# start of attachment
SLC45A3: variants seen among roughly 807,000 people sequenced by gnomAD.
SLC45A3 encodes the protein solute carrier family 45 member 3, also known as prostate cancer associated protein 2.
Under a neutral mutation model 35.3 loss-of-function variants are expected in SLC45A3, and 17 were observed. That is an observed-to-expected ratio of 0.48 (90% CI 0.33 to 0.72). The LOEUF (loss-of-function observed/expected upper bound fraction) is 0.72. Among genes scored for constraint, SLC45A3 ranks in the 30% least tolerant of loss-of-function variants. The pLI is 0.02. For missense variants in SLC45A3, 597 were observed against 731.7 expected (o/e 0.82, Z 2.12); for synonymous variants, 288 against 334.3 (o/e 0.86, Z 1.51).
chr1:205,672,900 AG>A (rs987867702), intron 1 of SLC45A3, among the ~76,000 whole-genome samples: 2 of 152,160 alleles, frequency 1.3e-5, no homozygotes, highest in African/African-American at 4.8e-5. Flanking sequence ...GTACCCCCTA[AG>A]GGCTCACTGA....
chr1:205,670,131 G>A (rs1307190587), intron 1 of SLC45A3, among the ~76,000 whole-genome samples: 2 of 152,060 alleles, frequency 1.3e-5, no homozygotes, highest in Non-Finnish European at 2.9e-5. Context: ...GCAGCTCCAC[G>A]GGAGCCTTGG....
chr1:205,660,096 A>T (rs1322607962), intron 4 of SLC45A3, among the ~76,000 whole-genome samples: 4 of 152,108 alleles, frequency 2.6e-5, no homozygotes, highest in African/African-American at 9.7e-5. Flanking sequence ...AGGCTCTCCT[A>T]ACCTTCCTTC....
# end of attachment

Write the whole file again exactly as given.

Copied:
SLC45A3: variants seen among roughly 807,000 people sequenced by gnomAD.
SLC45A3 encodes the protein solute carrier family 45 member 3, also known as prostate cancer associated protein 2.
Under a neutral mutation model 35.3 loss-of-function variants are expected in SLC45A3, and 17 were observed. That is an observed-to-expected ratio of 0.48 (90% CI 0.33 to 0.72). The LOEUF (loss-of-function observed/expected upper bound fraction) is 0.72. Among genes scored for constraint, SLC45A3 ranks in the 30% least tolerant of loss-of-function variants. The pLI is 0.02. For missense variants in SLC45A3, 597 were observed against 731.7 expected (o/e 0.82, Z 2.12); for synonymous variants, 288 against 334.3 (o/e 0.86, Z 1.51).
chr1:205,672,900 AG>A (rs987867702), intron 1 of SLC45A3, among the ~76,000 whole-genome samples: 2 of 152,160 alleles, frequency 1.3e-5, no homozygotes, highest in African/African-American at 4.8e-5. Flanking sequence ...GTACCCCCTA[AG>A]GGCTCACTGA....
chr1:205,670,131 G>A (rs1307190587), intron 1 of SLC45A3, among the ~76,000 whole-genome samples: 2 of 152,060 alleles, frequency 1.3e-5, no homozygotes, highest in Non-Finnish European at 2.9e-5. Context: ...GCAGCTCCAC[G>A]GGAGCCTTGG....
chr1:205,660,096 A>T (rs1322607962), intron 4 of SLC45A3, among the ~76,000 whole-genome samples: 4 of 152,108 alleles, frequency 2.6e-5, no homozygotes, highest in African/African-American at 9.7e-5. Flanking sequence ...AGGCTCTCCT[A>T]ACCTTCCTTC....